Don’t get me wrong- I know an awful lot about Renovatus and how she runs!  I’ve worked at the church nearly since it’s inception over 5 years ago. It’s the longest I’ve ever worked anywhere, actually.  The first fours years I assisted Pastor Jonathan and managed the office, which is to say I did a little bit of everything except the preaching!  I have a solid grasp on Pastor’s vision and am completely committed to the mission we are on to join God in renovating lives.  In those ways I was more than qualified to be his XO (I’m an army brat…that’s military speak for Executive Officer- the guy that the guy counts on).  However, prior to that moment if you had asked me to describe an Executive Pastor, my honest descriptors would have been along these lines:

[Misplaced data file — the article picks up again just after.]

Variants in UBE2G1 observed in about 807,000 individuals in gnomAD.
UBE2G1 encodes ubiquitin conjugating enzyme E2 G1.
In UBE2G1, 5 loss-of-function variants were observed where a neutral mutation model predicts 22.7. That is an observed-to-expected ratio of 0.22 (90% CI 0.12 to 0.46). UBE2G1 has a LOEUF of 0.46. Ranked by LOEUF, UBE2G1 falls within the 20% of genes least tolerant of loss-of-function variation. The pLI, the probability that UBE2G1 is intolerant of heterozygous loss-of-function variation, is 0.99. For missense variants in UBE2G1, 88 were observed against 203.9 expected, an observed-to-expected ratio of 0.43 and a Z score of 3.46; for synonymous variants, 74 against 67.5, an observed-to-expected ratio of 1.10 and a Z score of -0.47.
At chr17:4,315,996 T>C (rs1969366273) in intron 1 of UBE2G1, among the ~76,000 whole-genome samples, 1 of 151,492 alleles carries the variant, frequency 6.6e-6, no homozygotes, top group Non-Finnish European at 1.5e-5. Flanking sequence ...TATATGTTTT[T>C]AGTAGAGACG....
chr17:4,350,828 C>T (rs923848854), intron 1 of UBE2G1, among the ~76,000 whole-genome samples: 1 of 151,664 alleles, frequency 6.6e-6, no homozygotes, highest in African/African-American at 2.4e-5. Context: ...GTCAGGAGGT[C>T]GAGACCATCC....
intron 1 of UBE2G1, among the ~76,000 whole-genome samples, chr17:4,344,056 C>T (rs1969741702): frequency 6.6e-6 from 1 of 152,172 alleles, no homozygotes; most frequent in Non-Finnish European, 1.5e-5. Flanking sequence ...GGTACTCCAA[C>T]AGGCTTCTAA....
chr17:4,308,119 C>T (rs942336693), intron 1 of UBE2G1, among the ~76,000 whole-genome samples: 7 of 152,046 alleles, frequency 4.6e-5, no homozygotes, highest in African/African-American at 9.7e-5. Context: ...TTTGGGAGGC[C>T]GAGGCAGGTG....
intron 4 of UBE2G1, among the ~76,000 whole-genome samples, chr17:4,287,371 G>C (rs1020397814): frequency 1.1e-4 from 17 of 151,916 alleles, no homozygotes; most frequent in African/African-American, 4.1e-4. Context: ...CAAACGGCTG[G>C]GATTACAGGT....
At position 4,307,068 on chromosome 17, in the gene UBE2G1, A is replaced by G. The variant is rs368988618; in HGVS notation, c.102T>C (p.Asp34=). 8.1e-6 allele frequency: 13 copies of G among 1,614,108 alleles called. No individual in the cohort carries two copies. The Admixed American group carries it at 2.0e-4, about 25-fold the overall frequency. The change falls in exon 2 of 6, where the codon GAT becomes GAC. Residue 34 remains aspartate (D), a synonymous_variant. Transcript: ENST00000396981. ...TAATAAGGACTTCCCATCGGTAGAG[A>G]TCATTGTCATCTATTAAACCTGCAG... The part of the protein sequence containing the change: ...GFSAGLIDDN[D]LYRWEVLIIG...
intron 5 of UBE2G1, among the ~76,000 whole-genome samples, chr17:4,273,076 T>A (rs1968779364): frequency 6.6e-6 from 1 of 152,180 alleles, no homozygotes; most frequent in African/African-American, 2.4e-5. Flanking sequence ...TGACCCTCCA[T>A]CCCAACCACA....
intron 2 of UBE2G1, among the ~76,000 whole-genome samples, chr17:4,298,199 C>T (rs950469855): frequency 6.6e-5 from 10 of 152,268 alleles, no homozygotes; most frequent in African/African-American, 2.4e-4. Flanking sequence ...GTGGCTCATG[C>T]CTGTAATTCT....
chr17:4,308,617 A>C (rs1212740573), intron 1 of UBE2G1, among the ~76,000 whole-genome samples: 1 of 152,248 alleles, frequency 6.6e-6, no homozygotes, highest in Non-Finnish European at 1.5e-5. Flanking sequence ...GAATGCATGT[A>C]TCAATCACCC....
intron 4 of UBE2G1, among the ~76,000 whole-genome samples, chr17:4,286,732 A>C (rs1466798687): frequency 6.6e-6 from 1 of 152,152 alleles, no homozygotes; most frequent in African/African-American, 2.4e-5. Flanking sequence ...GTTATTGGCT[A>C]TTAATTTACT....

A middle-aged man with 10+ years experience in a corporate work environment, perhaps as a CFO or Vice President of Human Resources. Or maybe Director of Development at a national non-profit or something else with an equally as impressive title.  Oh, and holds two post-graduate degrees (MBA & MDiv preferably).

On paper, if I were the one recruiting for the position, that’s who I would’ve been looking for.  Fortunately for me, that wasn’t who Pastor was looking for and I wasn’t asked to find the next Executive Pastor, just to become her!  Needless to say, it has been quite an adventurous year.

And a good part of the adventure is in the sharing of it with others.  So, here are 4 of the many things I’ve picked up on along the way this year: